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Gas Laws

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Kinetic theory Particles in all forms of matter are in constant motion A gas is composed of particles, usually molecules or atoms. The particles in a gas move rapidly inconstant random motion. All collisions are perfectly elastic.

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Physical behavior of a gas depends on: volume temperature pressure

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Volume How much space occupied volume of a gas in a sealed container is the volume of the container gases not in sealed containers are uncontained Units can be milliliters, liters, cubic centimeters

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Temperature Measure of the average kinetic energy of particles in a substance same temperature = same average kinetic energy temperature measured using Kelvin scale Kelvin temperature = 0°C no upper limit for temperature lower limit = absolute zero 0 K = -273°C (no motion of particles)

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To convert from Celsius to Kelvinadd 273 To convert from Kelvin to Celsius– subtract 273

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Pressure force per area result of simultaneous collisions of billions of gas particles units of pressure atmospheres mm Hg Torr Pascal

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Standard Temperature and Pressure (STP) Standard temperature = 0°C = 273 K Standard pressure = 1 atm = 760 mm Hg = 760 Torr = 101 kPa

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Avogadros Law equal volumes of gases at the same temperature and pressure contain equal numbers of particles at STP 1 mole (6.02 X particles) of any gas occupies 22.4 liters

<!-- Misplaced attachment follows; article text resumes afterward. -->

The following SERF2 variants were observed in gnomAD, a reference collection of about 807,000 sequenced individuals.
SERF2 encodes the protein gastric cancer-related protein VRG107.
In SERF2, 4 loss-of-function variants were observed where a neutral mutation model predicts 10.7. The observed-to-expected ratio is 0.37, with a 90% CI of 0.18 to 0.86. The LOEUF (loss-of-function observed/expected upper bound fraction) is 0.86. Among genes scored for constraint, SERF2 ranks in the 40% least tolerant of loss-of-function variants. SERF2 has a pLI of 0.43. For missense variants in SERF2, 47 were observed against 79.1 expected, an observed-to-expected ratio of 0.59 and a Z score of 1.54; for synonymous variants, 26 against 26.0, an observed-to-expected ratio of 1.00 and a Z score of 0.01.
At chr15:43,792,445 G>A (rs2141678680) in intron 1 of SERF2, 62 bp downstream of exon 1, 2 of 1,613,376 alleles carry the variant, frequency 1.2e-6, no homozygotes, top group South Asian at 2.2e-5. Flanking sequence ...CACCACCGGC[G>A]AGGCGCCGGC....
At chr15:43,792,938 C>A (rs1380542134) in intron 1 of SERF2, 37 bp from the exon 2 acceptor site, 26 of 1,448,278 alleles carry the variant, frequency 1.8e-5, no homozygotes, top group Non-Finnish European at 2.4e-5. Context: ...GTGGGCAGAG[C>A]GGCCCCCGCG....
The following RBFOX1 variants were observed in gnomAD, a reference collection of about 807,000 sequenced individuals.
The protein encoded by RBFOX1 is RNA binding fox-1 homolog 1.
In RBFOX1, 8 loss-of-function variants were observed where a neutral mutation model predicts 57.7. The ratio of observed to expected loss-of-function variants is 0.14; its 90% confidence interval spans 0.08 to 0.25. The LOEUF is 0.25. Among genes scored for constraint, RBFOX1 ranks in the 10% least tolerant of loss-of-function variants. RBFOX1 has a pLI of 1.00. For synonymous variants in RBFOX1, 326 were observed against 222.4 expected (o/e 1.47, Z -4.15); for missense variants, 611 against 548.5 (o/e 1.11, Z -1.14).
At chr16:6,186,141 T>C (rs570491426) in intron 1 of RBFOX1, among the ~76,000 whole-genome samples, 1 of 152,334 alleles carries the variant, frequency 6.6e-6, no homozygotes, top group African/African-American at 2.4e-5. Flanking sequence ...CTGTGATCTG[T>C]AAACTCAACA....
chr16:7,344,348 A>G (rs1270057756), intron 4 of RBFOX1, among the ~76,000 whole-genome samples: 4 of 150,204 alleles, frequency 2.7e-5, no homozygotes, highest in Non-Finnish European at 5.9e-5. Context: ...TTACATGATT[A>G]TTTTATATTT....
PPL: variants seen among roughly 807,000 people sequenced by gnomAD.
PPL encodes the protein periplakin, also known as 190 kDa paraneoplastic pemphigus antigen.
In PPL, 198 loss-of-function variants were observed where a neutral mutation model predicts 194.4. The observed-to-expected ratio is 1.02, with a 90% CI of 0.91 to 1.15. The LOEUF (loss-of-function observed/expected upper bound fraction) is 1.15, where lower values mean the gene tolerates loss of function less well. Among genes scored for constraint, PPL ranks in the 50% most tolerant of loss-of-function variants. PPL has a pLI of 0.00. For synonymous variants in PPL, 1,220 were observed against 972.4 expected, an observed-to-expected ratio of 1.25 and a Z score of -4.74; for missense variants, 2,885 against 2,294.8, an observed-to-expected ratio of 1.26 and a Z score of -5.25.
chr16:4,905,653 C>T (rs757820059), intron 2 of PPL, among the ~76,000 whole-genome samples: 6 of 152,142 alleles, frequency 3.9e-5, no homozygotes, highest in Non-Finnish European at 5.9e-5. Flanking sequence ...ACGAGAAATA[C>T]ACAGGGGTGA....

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Boyles Law For a given mass of gas at constant temperature, the volume of the gas varies inversely with pressure. in other words, if pressure goes down, volume goes up and vice versa P 1 V 1 = P 2 V 2

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Charles Law The volume of a fixed mass of gas is directly proportional to its Kelvin temperature if the pressure is kept constant in other words, if temperature increases, volume increases and vice versa V 1 = V 2 T 1 T 2

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Gay-Lusaacs Law The pressure of a gas is directly proportional to the Kelvin temperature if the volume is kept constant. in other words, if temperature increases, pressure increases and vice versa P 1 = P 2 T 1 T 2

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Combined Gas Law Combines Boyles Law, Charles Law, and Gay-Lusaacs Law into one P 1 V 1 = P 2 V 2 T 1 T 2

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Daltons Law of Partial Pressures At constant volume and temperature the total pressure exerted by a mixture of gases is equal to the sum of the partial pressure of each gas. P total = P 1 + P 2 + P 3 ….. As soon as you see the words over water in a problem, begin looking for P1 to subtract vapor pressure out of it and T1 which tells you the temperature to look up in the table so you will know how much to subtract.

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Ideal Gas Law PV = nRT n = number of moles R = ideal gas constant T = temperature in Kelvins P = pressure V = volume if pressure is in atmospheres R = atm L k mol if pressure is in mm Hg or torr R = mm Hg k mol if pressure is in kPa R = kPa L k mol

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